Summer drinks trends: Beer

By Lorraine Heller

- Last updated on GMT

Related tags Cask ale Beer

Beer: a respectable drink with a rich history
Beer: a respectable drink with a rich history
Local and premium beers will continue to be a priority for consumers this summer, but in order to make the most of sales and appeal to a range of consumer groups, publicans must promote beer as a respectable drink with a diverse history.

Customers today are becoming more educated on what they want to consume, and pub and bar operators must step up to give them what they want.

This means recognising that drinkers have different tastes according to the occasion, and stocking a wider variety of beers in response.


“Having a good selection is important for pubs to attract a broader client base,” explains Simon Cox director of the Independent On-Trade at Molson Coors.

“Those that want a pint with their lunch are likely to have different tastes to those drinking on a Friday night, who are likely to have very different preference to families on a Saturday afternoon. If pubs are to thrive they must attract a variety of drinkers.”

Women and price

Any beer offering should also keep in mind the differing tastes of women, who remain the largely untapped consumer group for beer, so stocking some lighter varieties is important. You should also think about stocking some ‘skinny’ or low-calorie options, suggests Leanne Jarrett from the purchasing consortium Beacon.

Price point is also key when thinking about your beer range. Although there is a growing interest in premium brands, don’t ignore the consumers still looking for value for money.

Remember that the people who have cut down on their visits to pubs are those for whom price is a major consideration, so think about ways to attract them back, such as offers of six bottles of beer sold in an ice bucket at a discounted price.

Alcohol content

Another way to capture consumers at that lower price point is to stock beers with a lower alcohol content. A mid-strength beer between 3 and 3.4 per cent will attract less excise duty and so enable bars to sell lagers at a more competitive price compared to standard brands.

But the appeal of mid-strength beers goes beyond their lower price, says nick Holmes from Specialty Brands Development. Specifically, they would suit occasions when consumers are aware of the need to control alcohol intake, for example during a lunch break, before a commute home, or when driving to a country pub.


But if you’ll be stocking a broader range of beers, make sure you train your staff accordingly. Customers will often take advice from bar staff, and be willing to open their wallets when they feel the recommendations are worthwhile.

In particular, staff need good knowledge of the lagers they are selling – what they taste like, the gassiness and which food they lend themselves to, says Cox. “This will allow bar tenders to not only improve the experience of the drinker but also up-sell, increasing the pub’s bottom line.”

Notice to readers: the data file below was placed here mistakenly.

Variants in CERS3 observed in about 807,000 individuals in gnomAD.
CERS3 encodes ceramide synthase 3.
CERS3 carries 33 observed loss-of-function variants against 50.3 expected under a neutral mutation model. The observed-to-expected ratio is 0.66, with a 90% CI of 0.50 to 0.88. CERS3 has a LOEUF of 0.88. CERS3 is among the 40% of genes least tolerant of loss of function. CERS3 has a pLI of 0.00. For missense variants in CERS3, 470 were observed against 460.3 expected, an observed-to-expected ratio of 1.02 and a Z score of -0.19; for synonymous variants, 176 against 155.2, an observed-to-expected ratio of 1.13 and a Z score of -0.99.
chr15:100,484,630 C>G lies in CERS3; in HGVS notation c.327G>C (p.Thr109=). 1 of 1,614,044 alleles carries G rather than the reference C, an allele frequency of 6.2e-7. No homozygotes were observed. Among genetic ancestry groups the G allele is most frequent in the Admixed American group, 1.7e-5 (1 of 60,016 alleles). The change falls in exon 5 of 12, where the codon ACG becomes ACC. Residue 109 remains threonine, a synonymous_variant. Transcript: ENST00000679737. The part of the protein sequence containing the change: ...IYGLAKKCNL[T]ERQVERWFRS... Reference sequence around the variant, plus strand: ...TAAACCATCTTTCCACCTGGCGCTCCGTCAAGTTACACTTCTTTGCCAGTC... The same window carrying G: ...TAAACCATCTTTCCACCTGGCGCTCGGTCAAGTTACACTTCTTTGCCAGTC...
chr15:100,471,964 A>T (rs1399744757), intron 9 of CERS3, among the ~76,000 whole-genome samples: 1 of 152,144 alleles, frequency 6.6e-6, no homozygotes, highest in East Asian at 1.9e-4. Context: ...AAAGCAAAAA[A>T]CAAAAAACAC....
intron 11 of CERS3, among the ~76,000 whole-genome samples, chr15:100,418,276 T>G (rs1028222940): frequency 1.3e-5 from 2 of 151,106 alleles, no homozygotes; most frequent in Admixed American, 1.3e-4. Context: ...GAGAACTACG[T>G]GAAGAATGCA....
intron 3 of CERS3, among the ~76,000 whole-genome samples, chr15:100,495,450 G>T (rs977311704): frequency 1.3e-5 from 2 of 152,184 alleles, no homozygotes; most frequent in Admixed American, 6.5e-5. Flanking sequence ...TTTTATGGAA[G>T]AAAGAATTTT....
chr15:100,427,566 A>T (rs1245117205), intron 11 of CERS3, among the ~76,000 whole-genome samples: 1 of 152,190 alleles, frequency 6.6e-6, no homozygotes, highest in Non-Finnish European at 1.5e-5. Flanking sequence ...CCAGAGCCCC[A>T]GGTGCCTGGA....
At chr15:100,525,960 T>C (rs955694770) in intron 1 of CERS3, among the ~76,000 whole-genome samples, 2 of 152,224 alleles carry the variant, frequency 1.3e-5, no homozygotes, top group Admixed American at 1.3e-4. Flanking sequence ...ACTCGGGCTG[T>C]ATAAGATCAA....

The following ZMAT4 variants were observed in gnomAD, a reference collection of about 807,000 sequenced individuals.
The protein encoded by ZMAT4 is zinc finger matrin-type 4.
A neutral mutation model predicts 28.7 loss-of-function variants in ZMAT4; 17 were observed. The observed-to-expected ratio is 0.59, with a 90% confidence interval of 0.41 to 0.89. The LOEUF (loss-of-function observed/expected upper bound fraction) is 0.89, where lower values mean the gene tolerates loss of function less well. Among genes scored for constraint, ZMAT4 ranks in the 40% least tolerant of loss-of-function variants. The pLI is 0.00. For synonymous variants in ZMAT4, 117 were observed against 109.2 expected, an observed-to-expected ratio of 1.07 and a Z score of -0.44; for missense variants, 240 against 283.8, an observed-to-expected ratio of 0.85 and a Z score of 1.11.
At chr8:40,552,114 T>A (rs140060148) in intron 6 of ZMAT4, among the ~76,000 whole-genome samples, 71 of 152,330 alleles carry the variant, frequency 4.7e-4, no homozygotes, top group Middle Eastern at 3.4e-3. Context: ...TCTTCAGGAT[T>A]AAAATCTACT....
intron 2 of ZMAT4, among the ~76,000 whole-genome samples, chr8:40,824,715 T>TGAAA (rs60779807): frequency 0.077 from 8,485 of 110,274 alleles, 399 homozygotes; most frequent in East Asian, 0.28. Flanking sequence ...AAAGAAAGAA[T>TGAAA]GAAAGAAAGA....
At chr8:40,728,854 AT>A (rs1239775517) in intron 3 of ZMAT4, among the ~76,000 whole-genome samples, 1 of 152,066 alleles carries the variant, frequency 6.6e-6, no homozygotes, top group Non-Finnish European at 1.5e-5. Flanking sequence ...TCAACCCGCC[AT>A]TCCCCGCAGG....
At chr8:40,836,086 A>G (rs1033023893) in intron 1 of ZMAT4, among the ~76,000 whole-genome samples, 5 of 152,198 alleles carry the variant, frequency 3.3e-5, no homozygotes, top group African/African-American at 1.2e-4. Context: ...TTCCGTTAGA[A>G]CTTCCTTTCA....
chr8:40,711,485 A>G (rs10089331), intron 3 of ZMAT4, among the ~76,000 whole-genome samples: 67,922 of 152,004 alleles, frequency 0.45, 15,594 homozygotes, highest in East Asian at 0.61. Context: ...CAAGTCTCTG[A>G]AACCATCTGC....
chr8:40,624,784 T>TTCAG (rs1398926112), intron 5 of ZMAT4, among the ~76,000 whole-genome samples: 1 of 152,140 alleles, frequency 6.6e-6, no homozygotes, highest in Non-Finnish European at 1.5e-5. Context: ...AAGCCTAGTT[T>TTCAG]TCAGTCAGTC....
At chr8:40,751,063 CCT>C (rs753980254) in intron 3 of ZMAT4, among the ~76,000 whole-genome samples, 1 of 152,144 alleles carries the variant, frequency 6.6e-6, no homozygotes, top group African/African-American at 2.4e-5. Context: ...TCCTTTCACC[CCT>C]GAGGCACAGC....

Also make sure the right glassware is used and the beer is served at its optimum temperature, which is between 5-8 degrees Celsius.

“Ultimately, it is about showing that beer is a respectable drink, with a history and with an abundance of variety – not something to be served out of a grubby glass by someone who isn’t engaged with the customer,” says Cox.

Local and artisan

The most noticeable trend in the beer world – and one that meets all the above criteria – continues to be a move towards local products from microbreweries.

“We will see more and more pubs stocking beers from local producers,” says David Ashton-Hyde, bar manager of Hinds Head in Bray, which recently changed its menu so that all its ales and lagers are from local British breweries.

“These niche producers from our area also try to source local ingredients to make their products, which helps the farming community too. People often refer to their local pub as their ‘local’ and we wanted our beer menu to really reflect that and maintain a community sprit. There is a fantastic array of lager, ale and sprit producers in Britain, and I think more and more pubs will continue to support these businesses.”

Kevin Georgel, Managing Director of Admiral Taverns, adds: “I think the demand chimes with the desire for local-produced goods - products that feel a bit different, not mass market. I think people feel good about supporting small, local businesses, especially when what they’re producing is a hand-crafted product like cask ale.

“Without a doubt, cask ale remains the star of our pubs at Admiral Taverns. We are very lucky to have such an exciting and eclectic brewing industry, with more than 700 different companies making beer in this country. Alongside the big cask ale brands, our licensees are seeing increasing demand for new, diverse, discovery-type ale brands. These are often produced by local breweries, which people seem to feel a real affinity for, and are doing particularly well in community pubs.”

Premium beers from Germany and Belgium also have their place in the market, although the “buzz” in the market right now is around British brewers producing hand crafter styles.

“Whether breaking with or returning to traditions the common denominator seems to be quality, smaller production and buying British,” says Alex Wrethman, owner of Charlotte’s Bistro.

Access more articles in BigHospitality’s Summer Drinks feature here.

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